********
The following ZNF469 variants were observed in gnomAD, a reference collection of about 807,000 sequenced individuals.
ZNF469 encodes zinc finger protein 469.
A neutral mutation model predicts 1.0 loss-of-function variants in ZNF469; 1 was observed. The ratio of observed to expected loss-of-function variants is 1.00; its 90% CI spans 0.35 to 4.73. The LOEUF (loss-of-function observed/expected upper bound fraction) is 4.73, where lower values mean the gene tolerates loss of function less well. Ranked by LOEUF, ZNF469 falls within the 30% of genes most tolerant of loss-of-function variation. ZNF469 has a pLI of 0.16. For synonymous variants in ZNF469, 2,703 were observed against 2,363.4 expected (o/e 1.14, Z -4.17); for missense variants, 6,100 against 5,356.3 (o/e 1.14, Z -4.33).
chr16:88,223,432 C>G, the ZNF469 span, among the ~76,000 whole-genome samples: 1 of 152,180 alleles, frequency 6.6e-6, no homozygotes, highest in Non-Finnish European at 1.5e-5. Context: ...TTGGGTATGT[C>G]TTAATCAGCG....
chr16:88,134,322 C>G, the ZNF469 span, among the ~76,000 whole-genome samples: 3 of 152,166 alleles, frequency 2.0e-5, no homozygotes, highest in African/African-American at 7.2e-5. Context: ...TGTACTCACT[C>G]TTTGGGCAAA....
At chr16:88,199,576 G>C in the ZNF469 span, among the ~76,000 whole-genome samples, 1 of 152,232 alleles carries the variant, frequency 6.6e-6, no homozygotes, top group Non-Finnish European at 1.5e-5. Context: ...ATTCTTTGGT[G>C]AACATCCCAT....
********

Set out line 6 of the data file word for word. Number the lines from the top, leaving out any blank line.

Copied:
At chr16:88,199,576 G>C in the ZNF469 span, among the ~76,000 whole-genome samples, 1 of 152,232 alleles carries the variant, frequency 6.6e-6, no homozygotes, top group Non-Finnish European at 1.5e-5. Context: ...ATTCTTTGGT[G>C]AACATCCCAT....